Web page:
We here provide some suggestions leading to a more detailed interpretation of the results of the analysis. In particular, a discussion of some of the most frequent hapaxes resulting from the analysis is reported here to show the potentiality of the presented approach. Such a discussion proceeds in two steps: first, we give some general insights on the content of the core of the hapaxes, with a special attention to some classes of such tokens; second, we provide a detailed analysis of some specific highly recurrent hapaxes, along with a discussion on their contextualization in noticeable speeches. We have also implemented a specific poly-grams333A poly-gram is a contiguous sequence of words from a speech transcript. analysis to explore the context in which the hapaxes occur. The phrases reporting the terms of interest are reported and commented in the next rows.
Still in the line of highlighting the implications and the applications of our approach, we also report a discussion of some hapaxes appearing strictly once in the entire corpus.
In the core, one can find the following terms: opportunity, purpose, confidence, progress. Such words suggest a positive reading of the subject of the speeches. Since they are hapaxes, one can reasonably argue that they are associated to a substantially negative situation – hence, they are pronounced only once – which the Presidents try to revert into a positive perspective. This communication strategy has appeared several times in the history of the US Presidents speeches. For example, “And our neglected inner cities will see a rebirth of hope, safety, and opportunity.” is the phrase pronounced by Donald Trump in the Address to Joint Session of Congress on February 2017.
Another class of nouns collects duty, efforts, honor, justice, responsibility, effort, others, friends, respect, order, safety, faith, hope, hands. Here the Presidents appeal to the sentiments of the auditors and call for empathy and political support. Also in this case, intuition suggests that the content of the messages containing such hapaxes was related to troubling situations. In this worrying context, the brief reference to the worthiness of the citizens can be viewed as an effective communication device against pessimism. For example, from the aforementioned talk stated by Trump on February 2017: “Also with us are Susan Oliver and Jessica Davis. Their husbands, Deputy Sheriff Danny Oliver and Detective Michael Davis, were slain in the line of duty in California. They were pillars of their community. These brave men were viciously gunned down by an illegal immigrant with a criminal record and two prior deportations. Should have never been in our country.” or the State of the Union Address from Bill Clinton on February 1997, where the President said: “We have much to be thankful for. With four years of growth, we have won back the basic strength of our economy. With crime and welfare rolls declining, we are winning back our optimism, the enduring faith that we can master any difficulty. With the Cold War receding and global commerce at record levels, we are helping to win an unrivaled peace and prosperity all across the world.”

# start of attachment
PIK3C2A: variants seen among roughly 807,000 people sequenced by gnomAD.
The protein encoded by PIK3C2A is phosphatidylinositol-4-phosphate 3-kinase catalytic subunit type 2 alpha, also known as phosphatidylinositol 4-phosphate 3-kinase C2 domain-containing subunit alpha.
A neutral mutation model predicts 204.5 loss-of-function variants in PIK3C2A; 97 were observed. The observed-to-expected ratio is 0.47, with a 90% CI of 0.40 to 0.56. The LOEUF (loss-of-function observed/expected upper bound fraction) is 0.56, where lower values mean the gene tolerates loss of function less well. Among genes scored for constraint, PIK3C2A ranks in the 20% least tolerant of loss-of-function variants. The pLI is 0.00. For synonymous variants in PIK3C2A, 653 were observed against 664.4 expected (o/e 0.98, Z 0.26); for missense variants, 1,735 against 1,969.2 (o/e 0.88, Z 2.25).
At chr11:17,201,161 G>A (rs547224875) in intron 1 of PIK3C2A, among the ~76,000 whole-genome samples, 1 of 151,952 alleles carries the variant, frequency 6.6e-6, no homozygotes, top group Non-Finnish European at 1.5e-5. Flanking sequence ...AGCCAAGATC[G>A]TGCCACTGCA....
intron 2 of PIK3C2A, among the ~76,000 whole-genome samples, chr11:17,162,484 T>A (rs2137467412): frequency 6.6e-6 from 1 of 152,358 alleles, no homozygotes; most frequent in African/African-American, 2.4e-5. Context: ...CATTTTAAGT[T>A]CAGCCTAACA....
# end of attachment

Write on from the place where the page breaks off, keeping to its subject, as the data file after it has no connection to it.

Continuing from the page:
In a similar context, the introduction in the speeches of protect, respect, support as hapaxes points to the efforts spent by the Presidents in defending the auditors, even in presence of adversities. For example, President Obama in the Speech on the Strategy in Afghanistan and Pakistan in December 2009 said: “ For the first time in its history, the North Atlantic Treaty Organization invoked Article 5 – the commitment that says an attack on one member nation is an attack on all. And the United Nations Security Council endorsed the use of all necessary steps to respond to the 9/11 attacks. America, our allies and the world were acting as one to destroy al Qaeda’s terrorist network and to protect our common security.”
We now point our attention to a set of adjectives which belong to the core of the hapaxes: essential, important, necessary. Such tokens can be associated to the political will of the speakers when referring to the ineluctability of an intervention which presents potentially negative outcomes. For example, President Obama talking to the UK Parliament, just after mentioning the joint intervention in Libya in 2011, said: “Our action - our leadership - is essential to the cause of human dignity. And so we must act - and lead - with confidence in our ideals, and an abiding faith in the character of our people, who sent us here today.”